There hasn't been much to cheer about in Nepal this week as it copes with a devastating earthquake — but cheers and applause broke out in Kathmandu Thursday after a teenager was pulled alive from a collapsed building.
For five days, the teenager was covered in the rubble of a seven-story building hit by Saturday's powerful quake. Rescue workers who got him out included an American disaster response team that arrived in Nepal this week.
"The leader of the USAID-sponsored American team was quoted as saying they sent in a camera to find the safest way to extract the teen," NPR's Julie McCarthy reports.
"It's what we call an entombment," Andrew Olvera, who leads the American team that was involved, tells The Associated Press. "So, he wasn't specifically crushed. What he was, was inside of a box — a box with heavy concrete all around him."
Rescuers had to use jacks to pry away the building's concrete and free the teen, whose age has been variously reported as 18 or 15. The teenager was strapped to a stretcher and was reportedly "dazed" but responsive.
Olvera said his team worked alongside the Nepali crew. The U.S. team includes emergency workers from Los Angeles County and Fairfax County, Va., CBS News reports. USAID said this week that it sent nearly 130 people to Nepal.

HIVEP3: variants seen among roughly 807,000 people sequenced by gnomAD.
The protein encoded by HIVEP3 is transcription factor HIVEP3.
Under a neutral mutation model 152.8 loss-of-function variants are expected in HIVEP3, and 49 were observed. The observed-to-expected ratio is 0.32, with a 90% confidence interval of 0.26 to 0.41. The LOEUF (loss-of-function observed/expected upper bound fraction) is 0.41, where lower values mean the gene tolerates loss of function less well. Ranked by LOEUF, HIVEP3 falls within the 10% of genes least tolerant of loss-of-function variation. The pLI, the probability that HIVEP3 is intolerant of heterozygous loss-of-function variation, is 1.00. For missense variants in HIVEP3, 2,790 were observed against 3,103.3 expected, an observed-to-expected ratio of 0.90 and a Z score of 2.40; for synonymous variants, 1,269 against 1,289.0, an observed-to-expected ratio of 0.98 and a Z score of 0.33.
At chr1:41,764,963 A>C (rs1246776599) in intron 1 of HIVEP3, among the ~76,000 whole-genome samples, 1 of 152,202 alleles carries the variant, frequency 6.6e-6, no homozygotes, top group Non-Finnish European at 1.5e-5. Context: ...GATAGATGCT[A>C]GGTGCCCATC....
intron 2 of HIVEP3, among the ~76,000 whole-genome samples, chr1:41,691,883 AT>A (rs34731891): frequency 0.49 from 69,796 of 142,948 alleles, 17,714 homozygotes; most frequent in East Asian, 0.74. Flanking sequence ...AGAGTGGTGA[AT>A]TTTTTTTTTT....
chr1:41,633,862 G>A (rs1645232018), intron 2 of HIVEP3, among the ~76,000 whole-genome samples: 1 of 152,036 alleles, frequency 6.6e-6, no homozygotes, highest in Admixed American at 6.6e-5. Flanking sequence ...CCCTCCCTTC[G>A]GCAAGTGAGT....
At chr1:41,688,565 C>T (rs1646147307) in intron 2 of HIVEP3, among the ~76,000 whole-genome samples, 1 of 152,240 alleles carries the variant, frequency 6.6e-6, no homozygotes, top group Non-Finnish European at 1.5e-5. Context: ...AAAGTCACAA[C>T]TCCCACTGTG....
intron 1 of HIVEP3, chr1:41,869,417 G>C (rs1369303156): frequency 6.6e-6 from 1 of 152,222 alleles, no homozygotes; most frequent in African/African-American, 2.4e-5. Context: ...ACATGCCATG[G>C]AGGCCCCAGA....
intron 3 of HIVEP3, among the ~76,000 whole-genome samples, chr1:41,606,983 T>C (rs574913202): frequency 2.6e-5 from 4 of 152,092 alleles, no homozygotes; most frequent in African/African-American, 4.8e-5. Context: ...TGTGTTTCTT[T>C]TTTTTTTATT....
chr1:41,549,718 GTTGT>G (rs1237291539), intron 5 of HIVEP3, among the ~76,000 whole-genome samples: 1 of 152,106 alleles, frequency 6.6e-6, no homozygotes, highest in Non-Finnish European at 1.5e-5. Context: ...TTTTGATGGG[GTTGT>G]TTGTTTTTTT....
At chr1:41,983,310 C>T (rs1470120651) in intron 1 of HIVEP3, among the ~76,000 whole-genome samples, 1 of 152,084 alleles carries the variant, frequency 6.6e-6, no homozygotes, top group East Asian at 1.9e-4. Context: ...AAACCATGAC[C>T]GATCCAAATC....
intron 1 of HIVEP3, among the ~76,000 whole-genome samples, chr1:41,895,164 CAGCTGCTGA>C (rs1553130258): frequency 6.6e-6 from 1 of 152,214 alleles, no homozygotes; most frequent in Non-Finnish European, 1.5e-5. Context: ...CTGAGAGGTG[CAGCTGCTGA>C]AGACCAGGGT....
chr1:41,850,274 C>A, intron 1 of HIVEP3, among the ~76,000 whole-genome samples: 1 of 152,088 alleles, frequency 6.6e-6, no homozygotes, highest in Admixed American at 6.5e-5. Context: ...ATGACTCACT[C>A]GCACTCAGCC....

Earlier, there had been reports that a second person had been rescued, but those reports have not been confirmed.
The good news comes along with reports of fuel shortages, heavy traffic on the roads around Kathmandu and congestion at its airport — a situation that aid officials say is hampering the relief effort.
Relief aid group Oxfam "says it is looking at ways to transport essential goods overland from India," the AP reports. "It says challenges include getting aid to remote mountain villages, many of which are connected to the outside world by a single dirt road that may now be blocked by landslides."
The U.N. launched an appeal for $415 million in emergency funds on Wednesday, to help Nepal cope with the disaster that has killed more than 5,500 people and injured more than 11,000 others, destroyed 70,000 houses and damaged an additional 530,000. Hundreds of thousands of people are reportedly living in rudimentary shelter.
"Emergency health services and medical supplies and facilities, and safe drinking water and sanitation facilities are also urgently needed for up to 4.2 million people," the U.N. says.